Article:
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Middle East History


The conflict in Jerusalem is rooted in religious, political, and historical aspects. As a center for the worlds three major religions, with a history of political divisions and borders, as well as historical claims to the territory, it calls for a peaceful coexistence and sensitive diplomacy which will enable an accepted agreement. Jerusalem is a prize which, for thousands of years, has been fought over. Israeli’s and Palestinians live side-by-side in the Old City, each claiming that Jerusalem belongs to them. There is no judgment that can be given, there is no right or wrong answer to the problem. For this issue to be solved, both sides must give concessions to each other, and truly feel the …show more content…

And less than a mile away is the Church of the Holy Sepulcher, the site of Christ’s burial and resurrection.

The struggle for ownership of the city intensified many years later at the end of the war, when Britain had total control of Palestine. The Balfour Declaration issued in 1917, included in the British mandate of Palestine, called for the idea of a Jewish homeland in Palestine. However, the Arabs believed that Palestine would be created an independent state by helping the British in the campaign against the Ottoman empire. Unfortunately, the British did not include this in their plans. They did set up a separate Arab state in 1921, which is now Jordan. However, the remainder of the Palestinian territory wished for independence. After World War II, Holocaust survivors flooded into Palestine and Jerusalem, and a partition by the United Nations was established.In November 1947, the British mandate ended, and Palestine was partitioned into Jewish and Arab states with Jerusalem as an international city. The Arabs did not agree to this plan, as they were intent on preventing any Jewish control in the area. However, Israel defended itself, and by 1949, it had joined the United Nations, and been recognized by more than 50 governments around the world.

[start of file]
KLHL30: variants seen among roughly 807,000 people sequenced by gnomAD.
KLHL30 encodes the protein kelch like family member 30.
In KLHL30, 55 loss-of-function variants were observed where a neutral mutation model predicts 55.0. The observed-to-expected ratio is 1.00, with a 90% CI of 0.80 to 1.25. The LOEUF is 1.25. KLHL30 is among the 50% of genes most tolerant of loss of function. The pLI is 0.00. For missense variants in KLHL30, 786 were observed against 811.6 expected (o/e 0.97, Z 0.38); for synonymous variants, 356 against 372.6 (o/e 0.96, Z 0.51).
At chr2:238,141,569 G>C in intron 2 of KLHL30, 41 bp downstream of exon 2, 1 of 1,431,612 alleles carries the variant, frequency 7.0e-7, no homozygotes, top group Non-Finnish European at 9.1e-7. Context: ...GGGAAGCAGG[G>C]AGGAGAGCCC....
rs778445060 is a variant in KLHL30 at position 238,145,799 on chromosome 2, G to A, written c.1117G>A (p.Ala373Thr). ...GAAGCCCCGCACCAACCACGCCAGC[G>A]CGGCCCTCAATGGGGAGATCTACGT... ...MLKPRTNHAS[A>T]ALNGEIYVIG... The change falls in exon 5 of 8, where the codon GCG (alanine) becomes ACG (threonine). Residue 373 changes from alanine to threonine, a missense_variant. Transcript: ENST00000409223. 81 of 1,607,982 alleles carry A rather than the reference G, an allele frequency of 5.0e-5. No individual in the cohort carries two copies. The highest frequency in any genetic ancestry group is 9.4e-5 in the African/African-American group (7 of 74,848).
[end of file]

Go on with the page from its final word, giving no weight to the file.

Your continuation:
In a series of “battles” in 1949 with Egypt, Jordan, Syria, and Lebanon, Israel established borders like those of Palestine during the British mandate. In 1967, the Six-Day War, Israel launched

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